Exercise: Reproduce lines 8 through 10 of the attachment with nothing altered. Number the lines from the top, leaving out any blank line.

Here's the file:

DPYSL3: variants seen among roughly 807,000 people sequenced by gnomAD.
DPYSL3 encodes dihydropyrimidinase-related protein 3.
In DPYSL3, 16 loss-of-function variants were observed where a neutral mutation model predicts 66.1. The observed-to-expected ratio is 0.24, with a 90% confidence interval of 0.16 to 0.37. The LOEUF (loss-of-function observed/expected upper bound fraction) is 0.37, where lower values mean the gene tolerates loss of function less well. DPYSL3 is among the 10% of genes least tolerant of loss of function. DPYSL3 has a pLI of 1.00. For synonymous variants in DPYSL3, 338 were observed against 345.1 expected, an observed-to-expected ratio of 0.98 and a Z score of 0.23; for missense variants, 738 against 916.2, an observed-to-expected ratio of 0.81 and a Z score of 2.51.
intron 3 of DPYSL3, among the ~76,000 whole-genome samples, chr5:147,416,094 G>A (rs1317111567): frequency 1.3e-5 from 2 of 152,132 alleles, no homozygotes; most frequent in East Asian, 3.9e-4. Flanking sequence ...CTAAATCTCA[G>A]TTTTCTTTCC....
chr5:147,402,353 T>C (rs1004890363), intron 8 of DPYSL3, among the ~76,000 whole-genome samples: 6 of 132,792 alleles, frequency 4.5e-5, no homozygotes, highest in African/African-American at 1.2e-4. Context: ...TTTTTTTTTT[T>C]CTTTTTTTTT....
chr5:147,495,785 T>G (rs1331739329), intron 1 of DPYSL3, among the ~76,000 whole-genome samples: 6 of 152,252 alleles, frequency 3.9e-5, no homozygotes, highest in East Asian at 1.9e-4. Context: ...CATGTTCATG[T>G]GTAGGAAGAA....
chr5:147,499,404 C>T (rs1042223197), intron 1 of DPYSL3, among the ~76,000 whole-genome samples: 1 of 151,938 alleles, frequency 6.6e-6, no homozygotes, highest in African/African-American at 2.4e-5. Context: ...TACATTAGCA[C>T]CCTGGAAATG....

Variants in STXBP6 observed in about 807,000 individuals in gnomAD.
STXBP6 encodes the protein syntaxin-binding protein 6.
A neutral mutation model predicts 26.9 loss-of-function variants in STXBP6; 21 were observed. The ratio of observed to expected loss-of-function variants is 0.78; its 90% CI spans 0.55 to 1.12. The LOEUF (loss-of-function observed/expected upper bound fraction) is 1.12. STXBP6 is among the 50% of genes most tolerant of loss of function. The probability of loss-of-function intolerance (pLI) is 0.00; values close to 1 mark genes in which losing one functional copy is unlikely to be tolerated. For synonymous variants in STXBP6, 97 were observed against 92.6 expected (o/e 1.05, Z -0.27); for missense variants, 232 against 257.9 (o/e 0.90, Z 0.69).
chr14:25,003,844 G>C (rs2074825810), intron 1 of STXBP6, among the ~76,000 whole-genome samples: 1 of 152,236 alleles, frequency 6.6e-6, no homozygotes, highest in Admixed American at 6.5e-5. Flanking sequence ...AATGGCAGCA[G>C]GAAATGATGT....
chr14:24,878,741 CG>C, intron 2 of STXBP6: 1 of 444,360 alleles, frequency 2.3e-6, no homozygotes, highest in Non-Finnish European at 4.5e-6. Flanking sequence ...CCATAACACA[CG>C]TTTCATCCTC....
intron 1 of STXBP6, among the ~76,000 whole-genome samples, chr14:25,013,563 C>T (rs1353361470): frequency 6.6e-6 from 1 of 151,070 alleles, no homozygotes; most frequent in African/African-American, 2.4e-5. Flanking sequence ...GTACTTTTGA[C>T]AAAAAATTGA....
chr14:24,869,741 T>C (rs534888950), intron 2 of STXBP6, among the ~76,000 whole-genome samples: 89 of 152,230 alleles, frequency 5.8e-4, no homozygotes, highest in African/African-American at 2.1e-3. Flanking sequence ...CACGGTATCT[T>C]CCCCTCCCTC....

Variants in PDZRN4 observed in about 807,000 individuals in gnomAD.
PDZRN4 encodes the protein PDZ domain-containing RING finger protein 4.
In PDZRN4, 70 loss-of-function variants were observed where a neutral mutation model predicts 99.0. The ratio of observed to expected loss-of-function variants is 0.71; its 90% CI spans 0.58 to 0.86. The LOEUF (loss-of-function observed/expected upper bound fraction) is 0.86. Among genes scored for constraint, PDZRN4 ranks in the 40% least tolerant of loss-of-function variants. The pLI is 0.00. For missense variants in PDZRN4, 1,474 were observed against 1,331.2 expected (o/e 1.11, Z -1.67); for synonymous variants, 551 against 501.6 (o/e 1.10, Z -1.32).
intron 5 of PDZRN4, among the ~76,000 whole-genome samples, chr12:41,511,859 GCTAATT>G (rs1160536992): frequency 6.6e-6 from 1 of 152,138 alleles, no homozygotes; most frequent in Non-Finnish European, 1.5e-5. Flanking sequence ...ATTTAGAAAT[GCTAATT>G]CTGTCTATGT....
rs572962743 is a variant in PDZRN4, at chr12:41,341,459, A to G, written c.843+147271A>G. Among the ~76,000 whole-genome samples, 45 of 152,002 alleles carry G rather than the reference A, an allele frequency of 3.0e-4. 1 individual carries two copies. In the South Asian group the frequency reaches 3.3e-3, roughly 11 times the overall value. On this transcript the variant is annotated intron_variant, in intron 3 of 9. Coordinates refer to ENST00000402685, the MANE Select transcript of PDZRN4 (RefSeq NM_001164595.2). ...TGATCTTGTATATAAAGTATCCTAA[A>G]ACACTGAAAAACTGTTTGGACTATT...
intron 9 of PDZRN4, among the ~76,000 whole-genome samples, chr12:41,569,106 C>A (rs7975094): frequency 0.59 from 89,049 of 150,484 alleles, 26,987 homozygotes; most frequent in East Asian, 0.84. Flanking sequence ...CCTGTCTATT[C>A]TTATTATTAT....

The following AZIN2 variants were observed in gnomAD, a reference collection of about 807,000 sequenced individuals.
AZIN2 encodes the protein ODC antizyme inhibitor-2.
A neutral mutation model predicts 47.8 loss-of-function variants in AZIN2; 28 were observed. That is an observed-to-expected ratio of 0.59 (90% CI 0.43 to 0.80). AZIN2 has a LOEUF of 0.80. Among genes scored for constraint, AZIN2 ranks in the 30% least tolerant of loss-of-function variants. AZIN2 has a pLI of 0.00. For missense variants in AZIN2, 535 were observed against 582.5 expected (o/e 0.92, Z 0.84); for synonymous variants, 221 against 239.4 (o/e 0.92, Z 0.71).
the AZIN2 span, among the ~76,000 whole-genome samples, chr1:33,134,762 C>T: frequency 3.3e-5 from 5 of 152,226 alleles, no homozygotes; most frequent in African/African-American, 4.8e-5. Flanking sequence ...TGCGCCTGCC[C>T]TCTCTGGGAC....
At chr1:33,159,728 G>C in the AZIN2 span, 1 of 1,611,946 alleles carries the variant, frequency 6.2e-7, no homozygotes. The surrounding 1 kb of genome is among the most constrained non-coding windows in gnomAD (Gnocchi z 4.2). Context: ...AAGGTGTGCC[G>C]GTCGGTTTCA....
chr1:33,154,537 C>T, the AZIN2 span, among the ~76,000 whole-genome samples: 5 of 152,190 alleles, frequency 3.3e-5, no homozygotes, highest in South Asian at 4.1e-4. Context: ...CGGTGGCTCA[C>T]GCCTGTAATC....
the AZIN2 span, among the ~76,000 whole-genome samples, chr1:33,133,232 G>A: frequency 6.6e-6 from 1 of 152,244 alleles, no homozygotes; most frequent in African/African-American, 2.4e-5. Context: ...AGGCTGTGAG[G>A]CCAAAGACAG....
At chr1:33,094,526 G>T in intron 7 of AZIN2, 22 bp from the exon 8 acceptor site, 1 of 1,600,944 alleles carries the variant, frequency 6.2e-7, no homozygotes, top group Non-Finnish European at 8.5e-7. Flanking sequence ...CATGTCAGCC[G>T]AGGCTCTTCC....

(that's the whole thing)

Variants in STXBP6 observed in about 807,000 individuals in gnomAD.
STXBP6 encodes the protein syntaxin-binding protein 6.
A neutral mutation model predicts 26.9 loss-of-function variants in STXBP6; 21 were observed. The ratio of observed to expected loss-of-function variants is 0.78; its 90% CI spans 0.55 to 1.12. The LOEUF (loss-of-function observed/expected upper bound fraction) is 1.12. STXBP6 is among the 50% of genes most tolerant of loss of function. The probability of loss-of-function intolerance (pLI) is 0.00; values close to 1 mark genes in which losing one functional copy is unlikely to be tolerated. For synonymous variants in STXBP6, 97 were observed against 92.6 expected (o/e 1.05, Z -0.27); for missense variants, 232 against 257.9 (o/e 0.90, Z 0.69).